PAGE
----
If we could invite you to share a meal with our family, you’d notice right away that we’ve got a busy house. You’d scoot your way around cars in the driveway to get to the front door. Our doodles would bark a loud welcome. You might hear the shower running upstairs, our grandbaby’s laughter, or our daughter working out to a YouTube video downstairs. And, you’d meet our middle schooler as he practices yo-yo tricks or shows off his latest Lego creation.
As you can imagine with a busy household, we pretty much live at the grocery store. The fridge is the hub of the kitchen (besides the coffee pot, of course) and the basement holds storage and a chest freezer so we can stock up on essentials. One thing is for sure—nobody is going hungry with the canned goods, frozen veggies, and side of beef we’ve got stashed away.
Nobody, that is, except the middle schooler I mentioned. Our son has some obstacles to a healthy appetite and consuming enough food to keep pace with his rapid growth. He’s surrounded by food, but it can be tough to get it from the refrigerator into his stomach where it can do him good. (But don’t worry—we’ve got great support and he’s going to be OK!)
Our son isn’t the only one who’s surrounded by good things but struggles to utilize them. Rob and I have shelves and shelves of books in our house, but we’ll never have the time to read each one. The cupboard is spilling over with vitamins, but I still forget to take my vitamin D. My cherished piano sits in the living room, but rarely do I slow down to enjoy music at the keyboard.
What about you?
- Maybe you’ve racked up thousands of frequent-flyer miles, but never schedule that romantic getaway you’ve dreamed of.
- You know your best friend will always have your back, but rarely do you put a coffee date on the calendar to connect in each other’s lives.
- Maybe you invested in a sewing machine or table saw, but your project is gathering dust in the corner.
If so, you’re not alone. It’s oh-so-human to ignore the gifts right in front of us that would build us up and satisfy our souls.
Proximity is Not Enough
We see a crowd of people in Luke chapter 8 in the Bible who aren’t too different from folks like us today. These people got word of Jesus’ unprecedented healings and teaching, so they mobbed around Him as soon as He arrived in town. Jesus gave up any hope of personal space as the crowd closed in, eager to see what miracle He might perform next. The people pressed in as closely as they could so they wouldn’t miss a thing.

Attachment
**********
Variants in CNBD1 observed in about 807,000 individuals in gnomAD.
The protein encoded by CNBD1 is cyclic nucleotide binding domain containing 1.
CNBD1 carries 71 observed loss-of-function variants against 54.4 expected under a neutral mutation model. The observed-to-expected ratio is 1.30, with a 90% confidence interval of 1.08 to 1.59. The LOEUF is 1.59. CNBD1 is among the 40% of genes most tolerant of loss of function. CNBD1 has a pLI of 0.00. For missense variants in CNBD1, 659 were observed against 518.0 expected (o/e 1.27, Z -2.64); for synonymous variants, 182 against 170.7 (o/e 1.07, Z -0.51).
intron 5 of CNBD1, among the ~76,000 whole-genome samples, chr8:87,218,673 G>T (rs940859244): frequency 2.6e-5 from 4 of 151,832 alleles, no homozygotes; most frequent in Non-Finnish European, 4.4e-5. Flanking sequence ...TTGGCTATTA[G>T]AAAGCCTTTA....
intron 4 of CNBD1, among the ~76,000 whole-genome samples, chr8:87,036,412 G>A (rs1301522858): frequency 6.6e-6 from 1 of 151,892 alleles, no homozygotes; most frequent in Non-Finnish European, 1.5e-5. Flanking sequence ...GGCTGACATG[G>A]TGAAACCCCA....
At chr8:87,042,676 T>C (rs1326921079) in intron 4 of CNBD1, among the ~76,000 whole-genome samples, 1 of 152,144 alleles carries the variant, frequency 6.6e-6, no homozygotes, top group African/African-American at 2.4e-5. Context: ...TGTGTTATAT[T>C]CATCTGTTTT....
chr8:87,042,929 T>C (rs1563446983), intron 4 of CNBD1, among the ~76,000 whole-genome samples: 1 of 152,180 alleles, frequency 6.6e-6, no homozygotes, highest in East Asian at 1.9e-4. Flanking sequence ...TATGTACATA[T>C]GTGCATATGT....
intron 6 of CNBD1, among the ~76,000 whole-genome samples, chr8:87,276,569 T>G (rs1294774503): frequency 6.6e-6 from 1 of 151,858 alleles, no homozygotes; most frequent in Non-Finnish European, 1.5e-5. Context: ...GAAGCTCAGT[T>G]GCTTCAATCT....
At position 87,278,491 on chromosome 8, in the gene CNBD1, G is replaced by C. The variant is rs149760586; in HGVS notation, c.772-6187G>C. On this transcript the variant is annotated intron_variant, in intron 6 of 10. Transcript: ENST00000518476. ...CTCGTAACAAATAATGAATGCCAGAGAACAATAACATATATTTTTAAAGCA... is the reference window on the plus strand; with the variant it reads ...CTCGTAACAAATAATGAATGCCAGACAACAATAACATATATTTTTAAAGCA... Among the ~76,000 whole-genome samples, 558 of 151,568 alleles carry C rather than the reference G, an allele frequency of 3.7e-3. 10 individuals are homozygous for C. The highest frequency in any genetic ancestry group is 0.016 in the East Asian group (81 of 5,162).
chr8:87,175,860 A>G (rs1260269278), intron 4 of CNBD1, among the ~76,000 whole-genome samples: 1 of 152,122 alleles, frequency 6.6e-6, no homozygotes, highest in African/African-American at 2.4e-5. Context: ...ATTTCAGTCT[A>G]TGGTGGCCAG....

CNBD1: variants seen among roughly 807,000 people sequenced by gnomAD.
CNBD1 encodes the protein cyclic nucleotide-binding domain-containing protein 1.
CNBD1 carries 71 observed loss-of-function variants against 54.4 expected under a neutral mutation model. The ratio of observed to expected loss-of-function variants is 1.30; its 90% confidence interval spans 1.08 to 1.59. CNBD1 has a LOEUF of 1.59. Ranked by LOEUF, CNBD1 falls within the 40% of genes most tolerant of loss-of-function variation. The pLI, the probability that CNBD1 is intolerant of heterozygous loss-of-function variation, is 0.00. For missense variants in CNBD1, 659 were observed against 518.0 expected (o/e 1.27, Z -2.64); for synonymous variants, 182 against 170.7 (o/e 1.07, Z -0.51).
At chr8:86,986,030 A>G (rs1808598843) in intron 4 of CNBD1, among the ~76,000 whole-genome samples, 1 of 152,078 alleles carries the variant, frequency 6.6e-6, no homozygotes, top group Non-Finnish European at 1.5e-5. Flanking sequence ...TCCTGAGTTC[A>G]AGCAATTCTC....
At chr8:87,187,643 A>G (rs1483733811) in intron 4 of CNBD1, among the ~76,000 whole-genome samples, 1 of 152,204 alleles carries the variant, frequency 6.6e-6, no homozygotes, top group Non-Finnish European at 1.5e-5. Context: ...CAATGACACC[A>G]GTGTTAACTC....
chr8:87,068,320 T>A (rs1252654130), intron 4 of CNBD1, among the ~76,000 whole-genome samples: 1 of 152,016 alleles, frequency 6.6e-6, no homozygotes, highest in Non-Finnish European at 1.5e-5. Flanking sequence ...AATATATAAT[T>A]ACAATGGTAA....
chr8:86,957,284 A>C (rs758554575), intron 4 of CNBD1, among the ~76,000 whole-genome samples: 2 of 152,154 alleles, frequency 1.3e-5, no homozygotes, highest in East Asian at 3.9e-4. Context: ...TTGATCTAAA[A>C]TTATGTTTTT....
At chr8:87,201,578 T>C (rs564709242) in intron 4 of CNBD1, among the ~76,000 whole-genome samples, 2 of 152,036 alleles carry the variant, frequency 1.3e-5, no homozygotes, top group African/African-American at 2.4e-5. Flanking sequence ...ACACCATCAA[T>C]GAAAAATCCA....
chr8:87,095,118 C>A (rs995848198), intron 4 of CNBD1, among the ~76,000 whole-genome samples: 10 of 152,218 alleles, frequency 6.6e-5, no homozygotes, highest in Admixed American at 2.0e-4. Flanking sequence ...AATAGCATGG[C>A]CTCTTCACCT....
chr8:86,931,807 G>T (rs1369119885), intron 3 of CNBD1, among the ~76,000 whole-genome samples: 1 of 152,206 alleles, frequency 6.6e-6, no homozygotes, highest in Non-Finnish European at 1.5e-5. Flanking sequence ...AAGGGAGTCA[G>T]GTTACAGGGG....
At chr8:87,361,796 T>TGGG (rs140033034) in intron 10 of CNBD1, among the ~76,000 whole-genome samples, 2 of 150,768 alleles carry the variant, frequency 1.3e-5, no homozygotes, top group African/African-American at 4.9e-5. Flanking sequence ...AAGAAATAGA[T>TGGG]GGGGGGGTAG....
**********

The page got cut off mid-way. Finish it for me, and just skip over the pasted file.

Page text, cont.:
Yet one woman in the crowd wasn’t like the others. She hadn’t come to see a show. She wasn’t carried away with excitement. The woman certainly wasn’t trying to interrupt Jesus’ plans or grab His attention for herself. No, this woman was broken. Exhausted. Destitute. Dying. She drew close to Jesus as her only hope.
The woman in Luke 8 had suffered with sickness that was draining her life away. To make things worse, she’d been exploited by doctors and “healers” who used up her money and left her worse off than when she started. All she had left was a glimmer of faith in Jesus’ loving power.
And he said to her, “Daughter, your faith has made you well; go in peace.” – Luke 8:48
In this story the woman’s faith did not disappoint. She told herself, if I can just touch Jesus’ robe, I’ll be made well. She walked out her front door, joined the crowd around Jesus, and reached for the edge of His robe with her fingertips. And in one brief moment of contact, she was completely cured!
While we celebrate the miraculous healing of this precious woman, we have to consider the other men and women jostling to get close to Jesus at the same time. Surely they, too, brushed against Jesus’ clothing. They also had expectancy that Jesus might do something amazing. They each crowded around Him with their own pains and griefs and unmet needs. So why didn’t Jesus’ power heal everybody else?
The answer is that proximity to God is not enough. What set the woman apart was her humility. Her full dependence on Jesus’ mercy. Her faith. She recognized—and reached for—the life-changing gift of God’s Son who was standing right in front of her.
Does that remind you of 2 Timothy 3:5 that describes how dangerously easy it is to have a “form of godliness” but deny its power? The woman’s utter faith in Jesus opened the door to salvation. She left Him with His words ringing in her ears: “Go in peace.” (v. 48) Her body would ultimately age and die, but her soul was made well for eternity.
Today let’s take away a reminder that proximity to God is not the same as pursuit of God.
Proximity to God is not the same as pursuit of God.
We can go through the motions of religion without truly trusting, depending, or crying out for His mercy. We can be so caught up in wanting our circumstances to change, we forget it’s our hearts that need mending the most. We find ourselves pursuing God’s gifts instead of Him, the Giver.
What is draining the life out of you today? What grieves your heart? What issue is wearing away your safety, your relationships, and your hope for tomorrow? How have you searched for solutions, only to be disappointed? Run to the One who has the power to carry you through. Fall at His feet. Receive His peace and let His love wrap around you. If we are in Jesus, all will be well.
A Prayer for Today
I know how to keep up appearances as a good Christian. A good spouse and parent. A good worker and neighbor. But inside, I’m falling apart. I’m exhausted from trying to mend what’s broken in my life. I know now that no one can help but you.
Forgive me for keeping you at arm’s length as I tried to make it on my own. Have mercy on me in this pain. Overcome my doubts. Work powerfully as my rescuer, my healer, and my hope. Sustain my trust that joy is on the way. Let me know your love like never before.